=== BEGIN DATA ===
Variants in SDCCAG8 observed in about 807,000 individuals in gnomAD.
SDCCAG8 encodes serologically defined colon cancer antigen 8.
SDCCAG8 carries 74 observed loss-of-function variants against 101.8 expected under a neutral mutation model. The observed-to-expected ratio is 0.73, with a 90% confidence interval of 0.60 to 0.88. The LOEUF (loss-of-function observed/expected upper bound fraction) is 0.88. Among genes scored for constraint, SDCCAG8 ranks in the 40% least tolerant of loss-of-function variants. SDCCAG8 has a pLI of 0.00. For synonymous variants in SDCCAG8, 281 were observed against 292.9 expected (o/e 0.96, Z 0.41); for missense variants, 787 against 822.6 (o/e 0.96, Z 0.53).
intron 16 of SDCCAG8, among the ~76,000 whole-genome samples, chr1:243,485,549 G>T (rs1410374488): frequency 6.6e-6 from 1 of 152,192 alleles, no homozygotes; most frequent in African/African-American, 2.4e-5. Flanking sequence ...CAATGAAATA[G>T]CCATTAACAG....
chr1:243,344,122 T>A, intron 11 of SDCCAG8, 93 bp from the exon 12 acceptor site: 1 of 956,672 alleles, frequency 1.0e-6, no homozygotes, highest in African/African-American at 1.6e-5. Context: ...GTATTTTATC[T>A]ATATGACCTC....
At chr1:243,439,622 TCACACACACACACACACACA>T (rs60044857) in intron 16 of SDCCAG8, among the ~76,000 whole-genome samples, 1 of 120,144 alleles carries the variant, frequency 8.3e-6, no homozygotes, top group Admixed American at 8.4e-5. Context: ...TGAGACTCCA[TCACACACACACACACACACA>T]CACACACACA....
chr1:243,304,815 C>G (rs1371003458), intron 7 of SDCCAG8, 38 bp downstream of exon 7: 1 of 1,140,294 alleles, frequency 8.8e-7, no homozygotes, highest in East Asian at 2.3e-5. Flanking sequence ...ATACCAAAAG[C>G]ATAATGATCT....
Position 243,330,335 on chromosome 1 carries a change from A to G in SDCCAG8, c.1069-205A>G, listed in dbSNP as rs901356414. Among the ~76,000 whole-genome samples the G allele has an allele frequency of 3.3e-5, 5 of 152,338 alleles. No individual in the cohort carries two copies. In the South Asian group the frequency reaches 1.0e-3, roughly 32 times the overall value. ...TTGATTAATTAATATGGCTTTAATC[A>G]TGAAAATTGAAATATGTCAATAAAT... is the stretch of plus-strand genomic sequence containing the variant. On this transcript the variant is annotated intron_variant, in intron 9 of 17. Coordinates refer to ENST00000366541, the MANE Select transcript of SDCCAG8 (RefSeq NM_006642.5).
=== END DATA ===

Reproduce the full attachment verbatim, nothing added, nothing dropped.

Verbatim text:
Variants in SDCCAG8 observed in about 807,000 individuals in gnomAD.
SDCCAG8 encodes serologically defined colon cancer antigen 8.
SDCCAG8 carries 74 observed loss-of-function variants against 101.8 expected under a neutral mutation model. The observed-to-expected ratio is 0.73, with a 90% confidence interval of 0.60 to 0.88. The LOEUF (loss-of-function observed/expected upper bound fraction) is 0.88. Among genes scored for constraint, SDCCAG8 ranks in the 40% least tolerant of loss-of-function variants. SDCCAG8 has a pLI of 0.00. For synonymous variants in SDCCAG8, 281 were observed against 292.9 expected (o/e 0.96, Z 0.41); for missense variants, 787 against 822.6 (o/e 0.96, Z 0.53).
intron 16 of SDCCAG8, among the ~76,000 whole-genome samples, chr1:243,485,549 G>T (rs1410374488): frequency 6.6e-6 from 1 of 152,192 alleles, no homozygotes; most frequent in African/African-American, 2.4e-5. Flanking sequence ...CAATGAAATA[G>T]CCATTAACAG....
chr1:243,344,122 T>A, intron 11 of SDCCAG8, 93 bp from the exon 12 acceptor site: 1 of 956,672 alleles, frequency 1.0e-6, no homozygotes, highest in African/African-American at 1.6e-5. Context: ...GTATTTTATC[T>A]ATATGACCTC....
At chr1:243,439,622 TCACACACACACACACACACA>T (rs60044857) in intron 16 of SDCCAG8, among the ~76,000 whole-genome samples, 1 of 120,144 alleles carries the variant, frequency 8.3e-6, no homozygotes, top group Admixed American at 8.4e-5. Context: ...TGAGACTCCA[TCACACACACACACACACACA>T]CACACACACA....
chr1:243,304,815 C>G (rs1371003458), intron 7 of SDCCAG8, 38 bp downstream of exon 7: 1 of 1,140,294 alleles, frequency 8.8e-7, no homozygotes, highest in East Asian at 2.3e-5. Flanking sequence ...ATACCAAAAG[C>G]ATAATGATCT....
Position 243,330,335 on chromosome 1 carries a change from A to G in SDCCAG8, c.1069-205A>G, listed in dbSNP as rs901356414. Among the ~76,000 whole-genome samples the G allele has an allele frequency of 3.3e-5, 5 of 152,338 alleles. No individual in the cohort carries two copies. In the South Asian group the frequency reaches 1.0e-3, roughly 32 times the overall value. ...TTGATTAATTAATATGGCTTTAATC[A>G]TGAAAATTGAAATATGTCAATAAAT... is the stretch of plus-strand genomic sequence containing the variant. On this transcript the variant is annotated intron_variant, in intron 9 of 17. Coordinates refer to ENST00000366541, the MANE Select transcript of SDCCAG8 (RefSeq NM_006642.5).